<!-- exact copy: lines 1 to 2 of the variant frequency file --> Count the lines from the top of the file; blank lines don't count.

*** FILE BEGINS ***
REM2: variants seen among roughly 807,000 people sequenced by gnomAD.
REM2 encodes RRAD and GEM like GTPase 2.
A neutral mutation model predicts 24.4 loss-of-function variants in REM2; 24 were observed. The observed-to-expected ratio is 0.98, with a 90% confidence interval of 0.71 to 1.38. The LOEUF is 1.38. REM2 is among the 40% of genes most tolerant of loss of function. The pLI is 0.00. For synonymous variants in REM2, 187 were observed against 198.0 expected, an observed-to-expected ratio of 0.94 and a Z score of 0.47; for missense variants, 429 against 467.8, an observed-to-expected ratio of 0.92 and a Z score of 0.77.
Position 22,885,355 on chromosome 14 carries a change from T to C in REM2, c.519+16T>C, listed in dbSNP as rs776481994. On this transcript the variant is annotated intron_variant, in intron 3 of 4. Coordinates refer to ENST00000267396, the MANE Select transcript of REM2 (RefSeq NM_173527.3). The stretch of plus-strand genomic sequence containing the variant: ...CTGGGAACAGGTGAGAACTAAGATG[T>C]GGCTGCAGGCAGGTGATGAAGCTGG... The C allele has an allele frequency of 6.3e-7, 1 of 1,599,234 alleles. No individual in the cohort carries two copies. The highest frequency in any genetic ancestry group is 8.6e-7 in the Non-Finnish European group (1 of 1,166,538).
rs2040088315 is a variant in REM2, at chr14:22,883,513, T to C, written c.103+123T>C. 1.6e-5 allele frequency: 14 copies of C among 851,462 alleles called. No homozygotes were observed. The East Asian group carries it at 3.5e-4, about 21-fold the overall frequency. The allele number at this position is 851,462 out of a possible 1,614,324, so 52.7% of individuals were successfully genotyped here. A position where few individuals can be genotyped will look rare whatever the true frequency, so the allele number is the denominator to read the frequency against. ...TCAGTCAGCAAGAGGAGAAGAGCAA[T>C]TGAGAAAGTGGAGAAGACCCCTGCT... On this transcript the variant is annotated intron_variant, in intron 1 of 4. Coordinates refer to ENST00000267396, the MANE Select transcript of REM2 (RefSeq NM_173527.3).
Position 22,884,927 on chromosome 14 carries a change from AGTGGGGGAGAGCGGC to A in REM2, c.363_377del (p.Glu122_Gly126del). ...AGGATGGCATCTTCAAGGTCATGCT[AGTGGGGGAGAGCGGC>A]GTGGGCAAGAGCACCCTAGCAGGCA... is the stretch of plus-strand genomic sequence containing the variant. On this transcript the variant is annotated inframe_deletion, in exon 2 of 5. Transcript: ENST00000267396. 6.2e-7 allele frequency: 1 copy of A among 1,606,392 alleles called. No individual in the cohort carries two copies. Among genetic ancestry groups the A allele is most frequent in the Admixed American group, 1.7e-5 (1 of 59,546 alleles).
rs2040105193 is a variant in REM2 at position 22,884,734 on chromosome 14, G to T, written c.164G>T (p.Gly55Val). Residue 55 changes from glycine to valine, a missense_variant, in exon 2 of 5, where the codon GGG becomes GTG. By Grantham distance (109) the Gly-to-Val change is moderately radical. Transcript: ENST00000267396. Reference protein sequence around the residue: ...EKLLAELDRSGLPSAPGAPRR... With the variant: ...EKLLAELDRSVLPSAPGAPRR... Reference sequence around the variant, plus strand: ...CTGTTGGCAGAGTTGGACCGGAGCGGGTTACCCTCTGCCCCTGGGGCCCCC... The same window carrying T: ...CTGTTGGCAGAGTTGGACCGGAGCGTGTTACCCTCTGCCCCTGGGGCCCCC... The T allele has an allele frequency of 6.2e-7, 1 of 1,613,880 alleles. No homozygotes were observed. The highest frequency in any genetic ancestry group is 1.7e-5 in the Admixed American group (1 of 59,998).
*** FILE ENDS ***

REM2: variants seen among roughly 807,000 people sequenced by gnomAD.
REM2 encodes RRAD and GEM like GTPase 2.